"By and with," not "as he wishes and without" the advise and consent of the Senate.

The Constitution is what matters, not some errant law professor's ideological rant.
 

Captain Adverse

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Read the actual Constitution - Article II, Section 2, Clause 2 - the key clause doesn't say "as he wishes and with or without" the advice and consent, but rather it restricts the President's power to appoint by requiring that he may do so only "... by and with the Advice and Consent of the Senate, ..."

"By and with," not "as he wishes and without" the advise and consent of the Senate.

The Constitution is what matters, not some errant law professor's ideological rant.

Correct.

The ideology implicit in the OP position is the same one that supports the idea of the Imperial Presidency.

The President doesn't need Congress to enact law, he can just dictate "Executive Orders" which have the force of law.

The President does not need the Court's judicial review, he can just instruct his agencies to ignore the law.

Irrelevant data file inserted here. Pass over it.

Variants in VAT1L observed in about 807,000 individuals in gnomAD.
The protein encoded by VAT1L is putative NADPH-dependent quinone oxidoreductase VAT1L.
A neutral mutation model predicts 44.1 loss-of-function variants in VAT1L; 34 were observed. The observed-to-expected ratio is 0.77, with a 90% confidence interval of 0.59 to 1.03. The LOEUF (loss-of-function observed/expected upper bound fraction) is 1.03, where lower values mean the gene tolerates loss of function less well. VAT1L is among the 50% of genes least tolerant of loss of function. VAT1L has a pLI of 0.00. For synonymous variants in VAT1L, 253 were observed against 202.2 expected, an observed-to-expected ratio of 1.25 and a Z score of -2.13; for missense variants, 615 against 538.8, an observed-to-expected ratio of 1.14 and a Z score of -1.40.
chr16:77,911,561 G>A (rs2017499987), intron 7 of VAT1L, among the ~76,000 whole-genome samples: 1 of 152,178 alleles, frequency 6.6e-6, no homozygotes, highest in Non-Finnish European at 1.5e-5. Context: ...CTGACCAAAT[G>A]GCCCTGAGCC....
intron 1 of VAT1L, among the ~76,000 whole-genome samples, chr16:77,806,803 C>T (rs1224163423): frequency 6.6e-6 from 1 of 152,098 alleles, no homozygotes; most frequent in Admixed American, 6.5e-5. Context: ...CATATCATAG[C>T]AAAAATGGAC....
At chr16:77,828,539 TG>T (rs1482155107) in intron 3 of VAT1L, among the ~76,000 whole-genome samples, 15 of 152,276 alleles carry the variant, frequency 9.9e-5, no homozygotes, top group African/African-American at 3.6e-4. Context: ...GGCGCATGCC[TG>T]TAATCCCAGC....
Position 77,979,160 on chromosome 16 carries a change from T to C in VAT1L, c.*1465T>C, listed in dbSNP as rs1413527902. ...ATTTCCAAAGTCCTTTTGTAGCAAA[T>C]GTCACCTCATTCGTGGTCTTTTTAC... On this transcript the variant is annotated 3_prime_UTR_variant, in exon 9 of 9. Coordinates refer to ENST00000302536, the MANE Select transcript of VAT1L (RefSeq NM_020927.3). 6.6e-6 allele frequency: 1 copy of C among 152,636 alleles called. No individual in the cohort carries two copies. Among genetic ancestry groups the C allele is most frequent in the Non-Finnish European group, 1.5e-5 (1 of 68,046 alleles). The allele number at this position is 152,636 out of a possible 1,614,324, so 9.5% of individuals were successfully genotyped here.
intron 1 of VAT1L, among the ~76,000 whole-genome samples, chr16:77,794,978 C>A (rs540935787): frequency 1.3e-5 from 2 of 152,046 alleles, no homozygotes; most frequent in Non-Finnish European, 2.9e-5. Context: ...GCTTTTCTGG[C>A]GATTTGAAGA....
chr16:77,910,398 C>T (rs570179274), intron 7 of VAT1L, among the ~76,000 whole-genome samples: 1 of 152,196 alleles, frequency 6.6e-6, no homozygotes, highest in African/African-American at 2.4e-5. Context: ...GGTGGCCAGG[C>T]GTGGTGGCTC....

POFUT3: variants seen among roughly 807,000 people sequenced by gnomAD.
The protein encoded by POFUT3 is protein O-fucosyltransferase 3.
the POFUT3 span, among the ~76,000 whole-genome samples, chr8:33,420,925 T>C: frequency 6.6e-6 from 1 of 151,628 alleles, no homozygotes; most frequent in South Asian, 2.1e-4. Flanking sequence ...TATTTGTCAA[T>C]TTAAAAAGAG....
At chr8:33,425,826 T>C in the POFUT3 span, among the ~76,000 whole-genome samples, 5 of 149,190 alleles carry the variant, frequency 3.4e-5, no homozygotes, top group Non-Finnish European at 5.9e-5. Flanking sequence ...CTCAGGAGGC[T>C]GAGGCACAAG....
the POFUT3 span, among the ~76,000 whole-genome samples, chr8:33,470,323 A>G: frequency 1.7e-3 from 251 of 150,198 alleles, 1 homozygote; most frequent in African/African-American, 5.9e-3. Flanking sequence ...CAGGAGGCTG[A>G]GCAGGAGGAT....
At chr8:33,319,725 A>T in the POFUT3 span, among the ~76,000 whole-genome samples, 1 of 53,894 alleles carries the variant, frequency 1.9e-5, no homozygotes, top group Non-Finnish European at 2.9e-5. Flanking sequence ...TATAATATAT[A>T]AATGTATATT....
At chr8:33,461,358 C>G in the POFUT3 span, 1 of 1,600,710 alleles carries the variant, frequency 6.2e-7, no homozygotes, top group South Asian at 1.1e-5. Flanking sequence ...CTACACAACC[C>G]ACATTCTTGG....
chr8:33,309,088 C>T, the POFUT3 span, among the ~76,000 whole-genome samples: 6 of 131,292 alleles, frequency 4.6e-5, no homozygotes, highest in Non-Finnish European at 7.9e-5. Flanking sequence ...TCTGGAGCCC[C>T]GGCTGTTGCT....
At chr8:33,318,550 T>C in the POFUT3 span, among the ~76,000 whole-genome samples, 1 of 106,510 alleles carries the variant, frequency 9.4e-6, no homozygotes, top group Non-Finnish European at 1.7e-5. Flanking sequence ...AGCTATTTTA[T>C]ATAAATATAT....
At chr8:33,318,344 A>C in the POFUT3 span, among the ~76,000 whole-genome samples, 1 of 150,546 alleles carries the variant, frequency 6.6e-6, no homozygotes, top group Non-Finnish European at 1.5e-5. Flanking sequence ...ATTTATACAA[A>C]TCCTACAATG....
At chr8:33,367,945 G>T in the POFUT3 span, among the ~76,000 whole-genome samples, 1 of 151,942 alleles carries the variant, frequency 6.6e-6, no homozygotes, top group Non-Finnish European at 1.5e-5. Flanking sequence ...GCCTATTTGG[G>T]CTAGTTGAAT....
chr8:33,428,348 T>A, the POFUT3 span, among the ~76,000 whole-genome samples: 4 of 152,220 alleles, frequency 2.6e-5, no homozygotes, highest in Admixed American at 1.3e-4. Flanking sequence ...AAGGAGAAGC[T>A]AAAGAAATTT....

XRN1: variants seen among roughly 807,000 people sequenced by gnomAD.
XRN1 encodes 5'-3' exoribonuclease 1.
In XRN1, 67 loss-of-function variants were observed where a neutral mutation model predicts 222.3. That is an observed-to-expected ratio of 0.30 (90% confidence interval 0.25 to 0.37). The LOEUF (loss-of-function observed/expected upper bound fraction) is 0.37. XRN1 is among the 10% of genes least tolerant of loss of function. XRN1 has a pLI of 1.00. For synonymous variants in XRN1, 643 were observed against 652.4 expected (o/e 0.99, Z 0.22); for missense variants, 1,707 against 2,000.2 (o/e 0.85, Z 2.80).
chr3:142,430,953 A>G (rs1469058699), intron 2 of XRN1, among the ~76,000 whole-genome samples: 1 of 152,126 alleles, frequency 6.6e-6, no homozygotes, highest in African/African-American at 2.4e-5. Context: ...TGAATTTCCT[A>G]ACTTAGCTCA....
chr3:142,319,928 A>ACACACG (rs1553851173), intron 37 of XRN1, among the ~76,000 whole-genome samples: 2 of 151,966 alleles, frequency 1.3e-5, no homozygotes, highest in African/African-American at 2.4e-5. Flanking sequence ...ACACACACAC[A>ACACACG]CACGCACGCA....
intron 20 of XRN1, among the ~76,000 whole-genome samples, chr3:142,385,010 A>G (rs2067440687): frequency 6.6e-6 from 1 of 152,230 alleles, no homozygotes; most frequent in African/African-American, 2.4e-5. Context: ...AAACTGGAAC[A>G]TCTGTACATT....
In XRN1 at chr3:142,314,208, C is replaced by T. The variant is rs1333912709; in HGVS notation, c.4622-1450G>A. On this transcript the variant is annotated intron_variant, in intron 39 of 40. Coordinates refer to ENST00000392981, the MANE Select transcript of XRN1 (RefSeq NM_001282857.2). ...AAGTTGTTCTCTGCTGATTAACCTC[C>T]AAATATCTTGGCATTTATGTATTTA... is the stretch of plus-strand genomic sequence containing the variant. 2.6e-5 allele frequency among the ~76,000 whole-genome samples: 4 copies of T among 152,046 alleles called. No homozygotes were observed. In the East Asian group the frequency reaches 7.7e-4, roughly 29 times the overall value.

If he wants, he can just appoint as many Justices as he wants to the SCOTUS to make sure it interprets the laws as he wants. Something Franklin Roosevelt strove to do back when he was pushing his New Deal.

Sorry folks, like it or not, until the Senate acts to confirm an appointment the appointment does not stand.
 

Joe Steel

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... The Constitution is clear, the Senate must consent.

It is not clear. It doesn't mandate the form of he consent.

McConnell is the majority leader and Biden is the president of the Senate. Which of them speaks for the Senate if no vote has been taken?